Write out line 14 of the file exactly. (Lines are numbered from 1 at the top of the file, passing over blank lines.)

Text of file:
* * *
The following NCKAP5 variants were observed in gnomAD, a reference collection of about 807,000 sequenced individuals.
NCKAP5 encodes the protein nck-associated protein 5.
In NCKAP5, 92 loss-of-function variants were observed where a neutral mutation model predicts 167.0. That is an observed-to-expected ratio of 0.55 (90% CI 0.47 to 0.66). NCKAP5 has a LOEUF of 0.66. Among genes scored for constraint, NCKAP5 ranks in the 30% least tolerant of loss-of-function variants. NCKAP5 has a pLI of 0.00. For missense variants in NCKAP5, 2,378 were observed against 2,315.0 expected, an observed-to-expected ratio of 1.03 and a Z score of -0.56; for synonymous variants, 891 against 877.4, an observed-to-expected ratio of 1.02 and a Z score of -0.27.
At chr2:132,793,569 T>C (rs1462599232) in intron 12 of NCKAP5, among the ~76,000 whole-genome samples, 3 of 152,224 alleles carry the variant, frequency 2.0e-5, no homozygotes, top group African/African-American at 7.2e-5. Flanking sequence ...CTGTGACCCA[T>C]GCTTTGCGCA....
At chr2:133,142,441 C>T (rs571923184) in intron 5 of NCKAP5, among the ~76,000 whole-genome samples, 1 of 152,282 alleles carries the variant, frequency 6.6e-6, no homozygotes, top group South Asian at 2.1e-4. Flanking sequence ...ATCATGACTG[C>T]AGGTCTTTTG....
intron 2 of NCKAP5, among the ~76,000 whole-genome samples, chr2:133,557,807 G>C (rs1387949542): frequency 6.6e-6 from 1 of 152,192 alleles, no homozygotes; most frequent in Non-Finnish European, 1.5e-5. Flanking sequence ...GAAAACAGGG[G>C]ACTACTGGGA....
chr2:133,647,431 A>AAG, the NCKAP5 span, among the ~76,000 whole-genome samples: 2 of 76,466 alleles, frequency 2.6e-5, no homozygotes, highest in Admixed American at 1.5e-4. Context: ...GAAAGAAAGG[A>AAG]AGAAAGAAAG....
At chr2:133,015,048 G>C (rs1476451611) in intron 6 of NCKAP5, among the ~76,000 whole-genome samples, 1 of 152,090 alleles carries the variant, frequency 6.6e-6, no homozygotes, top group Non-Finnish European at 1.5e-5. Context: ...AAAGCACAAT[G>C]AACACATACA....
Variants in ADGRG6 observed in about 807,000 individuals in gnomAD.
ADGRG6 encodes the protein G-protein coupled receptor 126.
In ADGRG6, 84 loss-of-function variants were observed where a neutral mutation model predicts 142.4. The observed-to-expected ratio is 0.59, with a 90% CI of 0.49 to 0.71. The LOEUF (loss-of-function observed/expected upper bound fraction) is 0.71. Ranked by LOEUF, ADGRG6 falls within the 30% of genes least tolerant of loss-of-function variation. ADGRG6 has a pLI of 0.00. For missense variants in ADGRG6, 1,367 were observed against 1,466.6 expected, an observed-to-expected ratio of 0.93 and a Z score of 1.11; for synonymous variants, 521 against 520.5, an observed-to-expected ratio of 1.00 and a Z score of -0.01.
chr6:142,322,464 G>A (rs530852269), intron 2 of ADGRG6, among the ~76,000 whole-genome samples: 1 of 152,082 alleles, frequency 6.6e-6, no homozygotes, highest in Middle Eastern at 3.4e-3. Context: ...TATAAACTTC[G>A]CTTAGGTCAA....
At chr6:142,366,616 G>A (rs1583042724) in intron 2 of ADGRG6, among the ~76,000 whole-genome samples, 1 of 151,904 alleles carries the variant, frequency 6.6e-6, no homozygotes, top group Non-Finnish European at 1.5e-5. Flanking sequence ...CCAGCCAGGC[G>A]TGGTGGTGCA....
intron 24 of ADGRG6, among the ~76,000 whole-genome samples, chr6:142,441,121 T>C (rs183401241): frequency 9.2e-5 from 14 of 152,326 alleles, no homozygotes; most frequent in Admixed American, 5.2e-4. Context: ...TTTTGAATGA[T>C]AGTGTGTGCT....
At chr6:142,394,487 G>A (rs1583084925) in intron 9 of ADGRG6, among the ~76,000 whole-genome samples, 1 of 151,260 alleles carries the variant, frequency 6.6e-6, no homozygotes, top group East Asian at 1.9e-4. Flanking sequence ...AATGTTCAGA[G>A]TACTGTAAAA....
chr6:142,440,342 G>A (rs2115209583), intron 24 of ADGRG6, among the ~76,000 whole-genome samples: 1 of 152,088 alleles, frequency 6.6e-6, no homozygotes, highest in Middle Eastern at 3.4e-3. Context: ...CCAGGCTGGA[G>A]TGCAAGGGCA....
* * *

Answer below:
intron 24 of ADGRG6, among the ~76,000 whole-genome samples, chr6:142,441,121 T>C (rs183401241): frequency 9.2e-5 from 14 of 152,326 alleles, no homozygotes; most frequent in Admixed American, 5.2e-4. Context: ...TTTTGAATGA[T>C]AGTGTGTGCT....